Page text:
One of the clients I work for, got a request which includes geofencing. A geofence is a virtual perimeter for a real-world geographic area. It needs at least three different coordinates to create a shape. In this article, I will describe what my colleague and I did to complete this request and what is needed for that.
Creating the geofence for your area
Using https://geojson.io/ you can create one or multiple areas that you want to use as a geofence and directly see the coordinates.
When we close the shape, you see the coordinates on the right side and as you can see, the first and the last one are the same. This way we have a full shape (in this case a part in Rotterdam) which we can use as our geofence. We are going to need these coordinates but in a slightly different way. We are going to save them as a WKT String. In Power BI we are going to use the custom visual Icon Map by James Dales. I have downloaded the 3.1.15 version, which is while writing this article the latest version.
Show the geofence in Power BI
To show the shape in Icon Map, I add the coordinates as a polygon in a table and add two extra columns: ID and Size. They are used as Category and Size in the IconMap visual and are required to show at least something. The coordinates are round up to 6 decimals, otherwise, IconMap can’t show it.
This results in the following report:
As you can see, I only added the fields ID and Size in the fields pane. For the WKT shape, we need to go to the formatting pane. Under Object, we can use conditional formatting to select the WKT field:
The next thing to do is add a few extra location points, for example someone who sends his GPS signal to us, so we can check if that signal is inside the geofence. To do that, I need to add two columns to my table, Latitude and Longitude.
If you want to try these values yourself:
POLYGON((4.482593 51.904314, 4.484181 51.903189, 4.492163 51.906790, 4.489653 51.907769, 4.482593 51.904314))
Lat Lon 1: 51,90401 4,483704
Lat Lon 2: 51,908871 4,487356
The ID and Size columns are still required, but the WKT column we can leave empty for now. When adding these fields to the Longitude and Latitude field in the Fields pane, we get the following result:
Now we can see if a GPS location is inside our geofence, but I want an indicator that it’s inside this geofence. To do that we are going to move this data to a SQL table. There we can use the function ST_INTERSECTS to check if the data point is inside the polygon, or not.
Use SQL to identify if a value is inside the geofence
In SQL we will have 2 tables. In 1 table we have the polygon and in the other table, we have the coordinates.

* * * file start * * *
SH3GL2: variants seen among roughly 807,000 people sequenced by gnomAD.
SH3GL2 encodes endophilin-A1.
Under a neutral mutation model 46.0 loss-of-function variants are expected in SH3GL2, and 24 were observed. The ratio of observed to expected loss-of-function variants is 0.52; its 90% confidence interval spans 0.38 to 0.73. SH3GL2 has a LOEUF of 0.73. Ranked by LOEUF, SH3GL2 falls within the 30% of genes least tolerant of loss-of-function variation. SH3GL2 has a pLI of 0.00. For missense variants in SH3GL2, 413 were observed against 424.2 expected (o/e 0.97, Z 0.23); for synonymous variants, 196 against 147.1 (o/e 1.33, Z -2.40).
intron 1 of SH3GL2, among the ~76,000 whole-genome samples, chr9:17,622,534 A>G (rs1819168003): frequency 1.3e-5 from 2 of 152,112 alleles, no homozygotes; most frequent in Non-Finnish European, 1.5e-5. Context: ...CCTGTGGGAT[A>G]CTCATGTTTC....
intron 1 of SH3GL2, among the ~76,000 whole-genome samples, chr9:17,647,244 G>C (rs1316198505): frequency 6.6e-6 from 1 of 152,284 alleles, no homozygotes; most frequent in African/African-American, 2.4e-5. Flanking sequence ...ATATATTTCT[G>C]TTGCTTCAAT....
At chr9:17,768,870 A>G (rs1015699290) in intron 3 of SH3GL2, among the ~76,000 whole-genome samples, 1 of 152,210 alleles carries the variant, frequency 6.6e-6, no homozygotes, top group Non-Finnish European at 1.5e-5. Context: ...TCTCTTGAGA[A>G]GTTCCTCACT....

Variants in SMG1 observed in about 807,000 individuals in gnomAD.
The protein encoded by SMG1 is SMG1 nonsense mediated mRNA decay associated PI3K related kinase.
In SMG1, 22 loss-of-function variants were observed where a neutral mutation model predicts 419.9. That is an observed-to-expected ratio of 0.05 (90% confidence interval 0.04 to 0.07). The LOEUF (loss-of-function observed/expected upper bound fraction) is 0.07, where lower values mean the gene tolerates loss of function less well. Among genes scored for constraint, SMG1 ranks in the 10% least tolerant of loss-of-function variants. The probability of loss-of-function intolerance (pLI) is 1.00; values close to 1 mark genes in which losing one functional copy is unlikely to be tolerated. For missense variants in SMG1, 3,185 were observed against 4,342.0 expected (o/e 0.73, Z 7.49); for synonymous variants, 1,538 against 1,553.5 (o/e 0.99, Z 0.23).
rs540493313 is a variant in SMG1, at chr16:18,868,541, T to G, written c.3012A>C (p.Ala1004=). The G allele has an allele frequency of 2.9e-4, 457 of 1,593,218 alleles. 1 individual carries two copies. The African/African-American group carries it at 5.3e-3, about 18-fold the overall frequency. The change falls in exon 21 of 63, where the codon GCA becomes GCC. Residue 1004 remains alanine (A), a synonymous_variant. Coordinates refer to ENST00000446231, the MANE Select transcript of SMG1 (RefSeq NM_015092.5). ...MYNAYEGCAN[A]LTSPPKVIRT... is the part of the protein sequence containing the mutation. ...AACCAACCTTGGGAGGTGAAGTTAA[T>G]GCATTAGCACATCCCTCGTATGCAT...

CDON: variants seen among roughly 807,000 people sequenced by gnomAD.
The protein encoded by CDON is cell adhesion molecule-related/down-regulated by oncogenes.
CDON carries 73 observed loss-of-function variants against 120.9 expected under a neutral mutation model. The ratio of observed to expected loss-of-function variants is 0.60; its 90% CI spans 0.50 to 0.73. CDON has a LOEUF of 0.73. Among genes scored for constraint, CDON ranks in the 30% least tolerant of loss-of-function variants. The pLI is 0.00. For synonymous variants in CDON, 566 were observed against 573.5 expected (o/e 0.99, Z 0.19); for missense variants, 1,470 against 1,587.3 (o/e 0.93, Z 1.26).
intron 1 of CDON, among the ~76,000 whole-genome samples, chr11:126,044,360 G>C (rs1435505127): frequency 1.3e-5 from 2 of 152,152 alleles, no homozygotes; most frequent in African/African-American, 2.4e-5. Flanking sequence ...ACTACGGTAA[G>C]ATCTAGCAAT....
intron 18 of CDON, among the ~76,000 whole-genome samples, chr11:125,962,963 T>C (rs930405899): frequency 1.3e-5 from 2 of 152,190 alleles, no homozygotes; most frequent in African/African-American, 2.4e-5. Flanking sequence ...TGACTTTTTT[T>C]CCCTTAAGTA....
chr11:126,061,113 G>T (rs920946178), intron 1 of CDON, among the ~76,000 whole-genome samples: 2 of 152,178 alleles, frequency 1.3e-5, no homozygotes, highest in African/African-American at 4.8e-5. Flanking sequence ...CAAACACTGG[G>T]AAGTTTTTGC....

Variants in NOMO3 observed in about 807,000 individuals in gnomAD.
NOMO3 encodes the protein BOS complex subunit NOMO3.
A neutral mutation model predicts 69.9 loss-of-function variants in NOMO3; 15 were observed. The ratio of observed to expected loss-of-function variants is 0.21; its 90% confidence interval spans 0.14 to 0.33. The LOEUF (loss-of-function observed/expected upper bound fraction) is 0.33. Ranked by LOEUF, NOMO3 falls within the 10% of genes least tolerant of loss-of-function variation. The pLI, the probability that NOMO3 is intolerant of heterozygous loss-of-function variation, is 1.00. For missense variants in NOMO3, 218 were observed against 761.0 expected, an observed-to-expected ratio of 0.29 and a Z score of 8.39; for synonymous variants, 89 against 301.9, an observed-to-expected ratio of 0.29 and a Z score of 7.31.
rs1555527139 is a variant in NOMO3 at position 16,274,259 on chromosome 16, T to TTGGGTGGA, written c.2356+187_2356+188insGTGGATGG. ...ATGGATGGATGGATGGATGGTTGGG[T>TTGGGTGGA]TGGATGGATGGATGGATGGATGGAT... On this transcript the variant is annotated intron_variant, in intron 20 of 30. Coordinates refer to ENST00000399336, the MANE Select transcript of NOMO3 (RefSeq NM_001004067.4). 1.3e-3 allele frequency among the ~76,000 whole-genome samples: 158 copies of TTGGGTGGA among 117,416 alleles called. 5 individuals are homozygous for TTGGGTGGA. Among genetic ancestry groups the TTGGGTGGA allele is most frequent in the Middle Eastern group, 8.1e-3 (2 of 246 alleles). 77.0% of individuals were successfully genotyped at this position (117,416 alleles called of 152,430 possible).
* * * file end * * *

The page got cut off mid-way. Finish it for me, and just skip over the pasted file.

The table with the polygon area looks like this:
We have an area name, the polygon in a geometry data type, and the polygon in a text format. To convert the polygon text format to a geometry format you can use the following expression:
More information about the STPolyFromText expression can be found here: STPolyFromText (geometry Data Type) — SQL Server | Microsoft Docs
Our coordinates table looks like this:
Now we want to know if one of our coordinates is inside our polygon. We can do this with the ST_INTERSECTS function available in SQL. More information can be found here: STIntersects (geometry Data Type) — SQL Server | Microsoft Docs
In this case, we use a view to prepare the data for our Power BI report:
In the first part, we select our coordinates and convert our latitude and longitude to a geometry point. The data will look like this:
In the second part, we identify if a coordinate is inside our polygon area. This is done with the STIntersects function in SQL. We use our geometry point column (LatLon) to check if this is inside the polygon. We do a CROSS JOIN to our area table so in case we have multiple areas we check them all. The data looks like this:
As you now can see is that the coordinates of ID 1 are in our polygon area.
The last step is to create one table which contains both the areas and the coordinates with the indicator if they are inside a polygon area or not. The size is required by the visual. The result of the table looks like this:
We have two coordinates with one of them inside the polygon and we have one polygon area. This data can now be loaded into Power BI to create the Visual from above.
Use SQL data in Power BI
Now that we have a view with the coordinates, the polygon, and an indicator if the coordinates are inside that polygon, we don’t need our other table anymore. Instead, we will use this newly created view and finish our report.
The creation of the visual is still the same, but what we can do now is apply conditional formatting to our coordinates:
These two points don’t give you a lot of information, but it’s a great starting point of things you can do next. By adding just a bit of data, some custom tooltips we can create the following:
And now it’s up to your own imagination what you want to show on those maps, using geofences. If you want to use GPS Tracking data, keep in mind that an ID is needed for each datapoint. If you are tracking devices at the same time and want to use one ID for each of them, the ‘Average of Longtidue’ and ‘Average of Latitude’ won’t work. You can create a measure to get the latest value for example or create an ID with 1-*** and 2-**. With conditional formatting rules, you can give those 1 & 2 IDs the same color for all their locations, and still show all the data points.
I would like to thank Lowie Pouwels for his effort in the SQL part! Couldn’t have done this without him!